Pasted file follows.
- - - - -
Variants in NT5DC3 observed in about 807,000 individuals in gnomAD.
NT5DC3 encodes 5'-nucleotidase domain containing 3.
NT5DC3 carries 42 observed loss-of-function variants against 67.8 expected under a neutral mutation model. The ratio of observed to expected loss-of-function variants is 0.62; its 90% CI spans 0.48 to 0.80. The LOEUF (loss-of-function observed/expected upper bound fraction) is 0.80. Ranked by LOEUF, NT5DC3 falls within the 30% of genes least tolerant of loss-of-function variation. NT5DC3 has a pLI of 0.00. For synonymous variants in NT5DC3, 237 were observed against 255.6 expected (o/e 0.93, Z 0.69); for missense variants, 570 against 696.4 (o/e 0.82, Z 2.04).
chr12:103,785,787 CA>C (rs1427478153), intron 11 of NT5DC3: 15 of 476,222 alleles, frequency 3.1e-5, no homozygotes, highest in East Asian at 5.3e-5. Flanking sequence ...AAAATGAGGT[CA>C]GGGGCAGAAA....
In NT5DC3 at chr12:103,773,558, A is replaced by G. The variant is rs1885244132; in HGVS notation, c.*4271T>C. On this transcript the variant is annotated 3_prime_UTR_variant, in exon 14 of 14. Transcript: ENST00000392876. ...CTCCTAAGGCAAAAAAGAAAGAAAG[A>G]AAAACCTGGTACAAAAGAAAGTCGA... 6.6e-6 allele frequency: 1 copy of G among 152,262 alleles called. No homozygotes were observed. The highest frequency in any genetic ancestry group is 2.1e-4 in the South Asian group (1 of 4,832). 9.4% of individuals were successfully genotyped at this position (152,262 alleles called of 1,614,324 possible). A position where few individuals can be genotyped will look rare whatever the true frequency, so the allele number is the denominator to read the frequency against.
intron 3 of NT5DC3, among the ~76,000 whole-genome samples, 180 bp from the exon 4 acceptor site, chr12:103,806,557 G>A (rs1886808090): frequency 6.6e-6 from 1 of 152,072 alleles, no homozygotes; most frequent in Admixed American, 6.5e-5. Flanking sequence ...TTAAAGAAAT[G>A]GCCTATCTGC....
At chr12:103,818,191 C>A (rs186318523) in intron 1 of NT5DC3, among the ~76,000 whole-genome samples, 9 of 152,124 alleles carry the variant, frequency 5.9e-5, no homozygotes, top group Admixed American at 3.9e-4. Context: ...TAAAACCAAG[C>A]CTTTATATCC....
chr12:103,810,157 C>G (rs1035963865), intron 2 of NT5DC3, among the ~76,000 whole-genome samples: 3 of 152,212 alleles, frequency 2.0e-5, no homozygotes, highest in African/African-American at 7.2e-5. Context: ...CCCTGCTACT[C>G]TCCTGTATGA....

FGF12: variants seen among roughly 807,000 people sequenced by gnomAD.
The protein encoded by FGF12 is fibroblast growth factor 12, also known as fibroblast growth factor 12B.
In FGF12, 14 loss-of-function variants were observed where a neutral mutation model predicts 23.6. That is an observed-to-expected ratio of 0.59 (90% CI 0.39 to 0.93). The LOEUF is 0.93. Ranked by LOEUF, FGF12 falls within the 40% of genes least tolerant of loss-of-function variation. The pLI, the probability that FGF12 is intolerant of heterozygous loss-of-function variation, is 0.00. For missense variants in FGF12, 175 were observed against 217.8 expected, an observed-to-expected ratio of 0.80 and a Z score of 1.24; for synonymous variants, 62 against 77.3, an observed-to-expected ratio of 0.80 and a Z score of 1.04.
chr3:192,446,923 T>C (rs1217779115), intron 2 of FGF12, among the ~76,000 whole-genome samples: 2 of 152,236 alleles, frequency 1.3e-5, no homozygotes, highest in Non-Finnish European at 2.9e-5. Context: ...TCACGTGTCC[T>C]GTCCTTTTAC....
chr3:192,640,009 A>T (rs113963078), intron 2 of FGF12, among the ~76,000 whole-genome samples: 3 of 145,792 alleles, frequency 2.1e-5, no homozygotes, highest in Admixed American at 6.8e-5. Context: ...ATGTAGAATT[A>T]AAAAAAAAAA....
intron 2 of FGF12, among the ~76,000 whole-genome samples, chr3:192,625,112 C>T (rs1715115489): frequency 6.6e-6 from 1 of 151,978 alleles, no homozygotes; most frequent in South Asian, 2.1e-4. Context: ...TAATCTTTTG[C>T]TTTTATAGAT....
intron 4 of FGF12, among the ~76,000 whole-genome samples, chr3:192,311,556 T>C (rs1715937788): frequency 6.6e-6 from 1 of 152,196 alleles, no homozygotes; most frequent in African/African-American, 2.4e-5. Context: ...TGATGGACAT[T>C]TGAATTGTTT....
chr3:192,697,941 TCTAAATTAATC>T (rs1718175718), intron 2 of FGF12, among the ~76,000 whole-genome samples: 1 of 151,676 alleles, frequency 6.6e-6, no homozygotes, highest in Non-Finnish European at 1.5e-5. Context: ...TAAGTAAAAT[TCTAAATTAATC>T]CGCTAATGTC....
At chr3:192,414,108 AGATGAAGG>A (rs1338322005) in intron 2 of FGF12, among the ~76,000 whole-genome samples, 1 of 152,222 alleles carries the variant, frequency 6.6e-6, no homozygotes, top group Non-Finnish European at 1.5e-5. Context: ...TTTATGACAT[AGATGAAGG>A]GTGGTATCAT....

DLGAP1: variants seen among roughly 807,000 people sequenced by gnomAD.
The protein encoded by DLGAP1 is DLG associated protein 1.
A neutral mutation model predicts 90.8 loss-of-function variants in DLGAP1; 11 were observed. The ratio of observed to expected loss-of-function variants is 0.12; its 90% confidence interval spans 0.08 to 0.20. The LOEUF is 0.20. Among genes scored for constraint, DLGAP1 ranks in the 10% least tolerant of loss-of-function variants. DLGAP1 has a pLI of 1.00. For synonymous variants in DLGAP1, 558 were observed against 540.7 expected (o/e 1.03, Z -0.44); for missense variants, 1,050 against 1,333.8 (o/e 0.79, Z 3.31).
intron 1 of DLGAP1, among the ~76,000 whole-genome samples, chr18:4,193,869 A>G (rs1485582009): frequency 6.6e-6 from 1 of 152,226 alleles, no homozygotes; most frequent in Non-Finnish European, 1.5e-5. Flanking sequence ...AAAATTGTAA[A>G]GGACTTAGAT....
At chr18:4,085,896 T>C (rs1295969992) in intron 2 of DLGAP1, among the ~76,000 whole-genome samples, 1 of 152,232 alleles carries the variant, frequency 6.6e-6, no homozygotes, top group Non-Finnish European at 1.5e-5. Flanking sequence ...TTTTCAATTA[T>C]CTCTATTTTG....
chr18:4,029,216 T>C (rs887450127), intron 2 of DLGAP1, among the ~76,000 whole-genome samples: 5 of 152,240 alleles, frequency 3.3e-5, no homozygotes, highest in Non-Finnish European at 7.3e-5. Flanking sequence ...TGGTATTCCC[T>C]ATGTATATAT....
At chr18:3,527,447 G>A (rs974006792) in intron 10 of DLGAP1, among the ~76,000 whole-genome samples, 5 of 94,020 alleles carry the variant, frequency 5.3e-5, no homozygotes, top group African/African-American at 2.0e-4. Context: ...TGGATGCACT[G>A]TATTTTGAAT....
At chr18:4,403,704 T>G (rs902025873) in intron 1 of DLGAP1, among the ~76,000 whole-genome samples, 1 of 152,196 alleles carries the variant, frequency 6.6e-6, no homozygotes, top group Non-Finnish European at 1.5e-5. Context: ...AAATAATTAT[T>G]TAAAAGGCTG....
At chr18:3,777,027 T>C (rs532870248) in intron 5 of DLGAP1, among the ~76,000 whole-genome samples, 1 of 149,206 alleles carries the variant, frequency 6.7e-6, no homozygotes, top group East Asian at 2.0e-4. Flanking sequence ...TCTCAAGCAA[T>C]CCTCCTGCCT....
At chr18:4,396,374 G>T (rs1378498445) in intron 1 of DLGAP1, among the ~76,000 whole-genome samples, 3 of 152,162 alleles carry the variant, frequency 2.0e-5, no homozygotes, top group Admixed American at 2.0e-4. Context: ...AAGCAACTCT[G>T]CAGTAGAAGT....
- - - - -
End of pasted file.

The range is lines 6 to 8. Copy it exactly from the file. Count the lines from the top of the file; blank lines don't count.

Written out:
intron 3 of NT5DC3, among the ~76,000 whole-genome samples, 180 bp from the exon 4 acceptor site, chr12:103,806,557 G>A (rs1886808090): frequency 6.6e-6 from 1 of 152,072 alleles, no homozygotes; most frequent in Admixed American, 6.5e-5. Flanking sequence ...TTAAAGAAAT[G>A]GCCTATCTGC....
At chr12:103,818,191 C>A (rs186318523) in intron 1 of NT5DC3, among the ~76,000 whole-genome samples, 9 of 152,124 alleles carry the variant, frequency 5.9e-5, no homozygotes, top group Admixed American at 3.9e-4. Context: ...TAAAACCAAG[C>A]CTTTATATCC....
chr12:103,810,157 C>G (rs1035963865), intron 2 of NT5DC3, among the ~76,000 whole-genome samples: 3 of 152,212 alleles, frequency 2.0e-5, no homozygotes, highest in African/African-American at 7.2e-5. Context: ...CCCTGCTACT[C>G]TCCTGTATGA....